Journal Article

Statistically testing the role of individual learning and decision-making in trapline foraging

Carolyn A Ayers, Paul R Armsworth and Berry J Brosi

in Behavioral Ecology

Published on behalf of International Society of Behavioural Ecology

Volume 29, issue 4, pages 885-893
Published in print July 2018 | ISSN: 1045-2249
Published online April 2018 | e-ISSN: 1465-7279 | DOI: https://dx.doi.org/10.1093/beheco/ary058
Statistically testing the role of individual learning and decision-making in trapline foraging

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  • Ecology and Conservation
  • Evolutionary Biology
  • Zoology and Animal Sciences
  • Animal Behaviour and Behavioural Ecology

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Abstract

Trapline foraging, a behavior consisting of repeated visitation to spatially fixed resources in a predictable sequence, has been observed over diverse taxa and is important ecologically for efficient resource gathering. Despite this, few null models exist to test the significance of suspected traplines, particularly for studies interested in the role of individual decision-making in the formation of traplines versus the role of resource layouts and random movement patterns. Here, we present a spatially explicit, individual-based null model, which may be used to test whether resource layout and realistic forager movement may account for sequence repeats in suspected traplines. In our model, we generate resource visitation sequences by modeling a forager without spatial memory using a random walk to discover and visit spatially fixed resources. We quantify traplining using Determinism, a metric derived from recurrence quantification analysis. Using both simulated and empirical bee foraging data, we compared our model with 2 existing null models—a completely random model and a sample randomization model. The former creates null sequences by randomly selecting available resources, whereas the latter randomizes the order of visits in observed sequences. We found that our model has a higher propensity of being (correctly) rejected than a sample randomization model for trapliners, and a lower propensity of being (incorrectly) rejected for non-trapliners compared to a completely random model. The use of a spatially explicit individual-based null model to test the statistical significance of patterns in empirical data is a novel approach that may be useful for other spatial and individual-based processes.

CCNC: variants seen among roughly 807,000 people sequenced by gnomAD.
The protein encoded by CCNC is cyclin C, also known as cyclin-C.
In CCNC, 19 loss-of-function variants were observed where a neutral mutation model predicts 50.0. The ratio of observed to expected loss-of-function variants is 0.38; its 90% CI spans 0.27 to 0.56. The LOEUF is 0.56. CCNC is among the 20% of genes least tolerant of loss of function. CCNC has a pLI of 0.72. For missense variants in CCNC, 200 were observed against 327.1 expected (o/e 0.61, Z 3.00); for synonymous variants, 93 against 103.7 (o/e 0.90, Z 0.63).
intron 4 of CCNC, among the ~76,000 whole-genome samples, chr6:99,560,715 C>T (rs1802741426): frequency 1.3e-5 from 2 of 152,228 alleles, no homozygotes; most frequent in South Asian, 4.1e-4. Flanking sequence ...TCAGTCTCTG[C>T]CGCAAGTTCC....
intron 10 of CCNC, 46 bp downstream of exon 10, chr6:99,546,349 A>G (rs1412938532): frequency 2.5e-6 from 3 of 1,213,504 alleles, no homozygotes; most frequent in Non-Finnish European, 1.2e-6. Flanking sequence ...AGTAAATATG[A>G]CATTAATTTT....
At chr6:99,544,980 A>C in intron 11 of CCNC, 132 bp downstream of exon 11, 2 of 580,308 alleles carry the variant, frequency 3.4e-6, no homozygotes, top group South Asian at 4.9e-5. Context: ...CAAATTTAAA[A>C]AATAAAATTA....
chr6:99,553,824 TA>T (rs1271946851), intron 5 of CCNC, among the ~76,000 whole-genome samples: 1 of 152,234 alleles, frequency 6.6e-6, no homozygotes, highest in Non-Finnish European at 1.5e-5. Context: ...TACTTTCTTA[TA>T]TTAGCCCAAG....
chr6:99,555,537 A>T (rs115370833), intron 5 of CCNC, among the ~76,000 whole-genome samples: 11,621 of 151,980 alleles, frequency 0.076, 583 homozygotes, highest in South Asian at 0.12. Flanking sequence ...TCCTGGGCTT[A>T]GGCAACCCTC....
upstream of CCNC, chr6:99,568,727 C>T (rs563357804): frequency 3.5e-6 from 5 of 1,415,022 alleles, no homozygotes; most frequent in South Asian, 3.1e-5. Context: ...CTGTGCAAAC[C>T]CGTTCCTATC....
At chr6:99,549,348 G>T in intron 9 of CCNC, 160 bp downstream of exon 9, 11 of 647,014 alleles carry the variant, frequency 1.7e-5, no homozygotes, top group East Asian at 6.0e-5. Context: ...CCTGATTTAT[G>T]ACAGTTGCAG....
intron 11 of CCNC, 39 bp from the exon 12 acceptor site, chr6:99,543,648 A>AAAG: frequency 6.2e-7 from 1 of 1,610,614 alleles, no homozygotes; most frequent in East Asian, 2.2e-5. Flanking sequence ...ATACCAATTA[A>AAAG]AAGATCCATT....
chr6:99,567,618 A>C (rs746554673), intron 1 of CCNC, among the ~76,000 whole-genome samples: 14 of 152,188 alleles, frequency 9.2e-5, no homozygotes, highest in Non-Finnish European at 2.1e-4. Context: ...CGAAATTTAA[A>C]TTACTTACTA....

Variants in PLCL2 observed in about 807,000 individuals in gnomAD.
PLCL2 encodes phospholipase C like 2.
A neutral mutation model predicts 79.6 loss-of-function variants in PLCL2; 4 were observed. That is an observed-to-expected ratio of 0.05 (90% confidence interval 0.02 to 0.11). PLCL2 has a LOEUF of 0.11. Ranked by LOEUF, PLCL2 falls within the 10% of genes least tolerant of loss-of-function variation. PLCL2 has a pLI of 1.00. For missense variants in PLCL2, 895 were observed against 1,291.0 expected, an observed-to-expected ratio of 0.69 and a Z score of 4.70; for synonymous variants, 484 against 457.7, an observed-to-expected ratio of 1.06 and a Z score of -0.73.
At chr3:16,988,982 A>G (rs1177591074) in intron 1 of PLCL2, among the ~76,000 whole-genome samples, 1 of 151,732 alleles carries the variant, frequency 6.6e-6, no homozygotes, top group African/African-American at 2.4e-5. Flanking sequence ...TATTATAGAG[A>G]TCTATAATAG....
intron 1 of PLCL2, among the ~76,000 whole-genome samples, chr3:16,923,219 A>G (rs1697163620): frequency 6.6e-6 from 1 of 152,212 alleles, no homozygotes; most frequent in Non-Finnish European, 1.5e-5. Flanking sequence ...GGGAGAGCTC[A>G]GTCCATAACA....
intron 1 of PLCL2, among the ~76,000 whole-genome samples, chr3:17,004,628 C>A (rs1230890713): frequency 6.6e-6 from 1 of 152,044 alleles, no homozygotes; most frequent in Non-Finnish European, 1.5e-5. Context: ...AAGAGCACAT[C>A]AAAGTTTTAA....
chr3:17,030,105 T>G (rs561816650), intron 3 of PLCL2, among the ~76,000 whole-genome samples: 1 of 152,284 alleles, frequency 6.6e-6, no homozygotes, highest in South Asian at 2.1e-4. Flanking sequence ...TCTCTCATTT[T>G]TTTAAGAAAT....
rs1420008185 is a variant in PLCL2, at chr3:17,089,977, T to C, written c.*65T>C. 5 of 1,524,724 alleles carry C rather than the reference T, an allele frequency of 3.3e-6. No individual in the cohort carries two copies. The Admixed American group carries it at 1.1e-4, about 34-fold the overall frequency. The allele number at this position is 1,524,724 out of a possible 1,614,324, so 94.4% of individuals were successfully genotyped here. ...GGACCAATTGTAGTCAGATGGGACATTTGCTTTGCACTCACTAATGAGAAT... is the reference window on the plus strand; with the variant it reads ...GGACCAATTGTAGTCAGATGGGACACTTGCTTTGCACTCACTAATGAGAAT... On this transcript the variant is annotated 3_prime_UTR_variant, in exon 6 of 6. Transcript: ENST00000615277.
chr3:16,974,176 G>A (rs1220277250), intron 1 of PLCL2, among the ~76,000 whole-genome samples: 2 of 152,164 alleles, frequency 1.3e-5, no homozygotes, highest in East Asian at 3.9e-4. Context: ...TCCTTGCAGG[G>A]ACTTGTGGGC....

Keywords: Bombus; forager movement; hypothesis testing; individual-based model; null model; traplining

Journal Article.  7350 words.  Illustrated.

Subjects: Ecology and Conservation ; Evolutionary Biology ; Zoology and Animal Sciences ; Animal Behaviour and Behavioural Ecology

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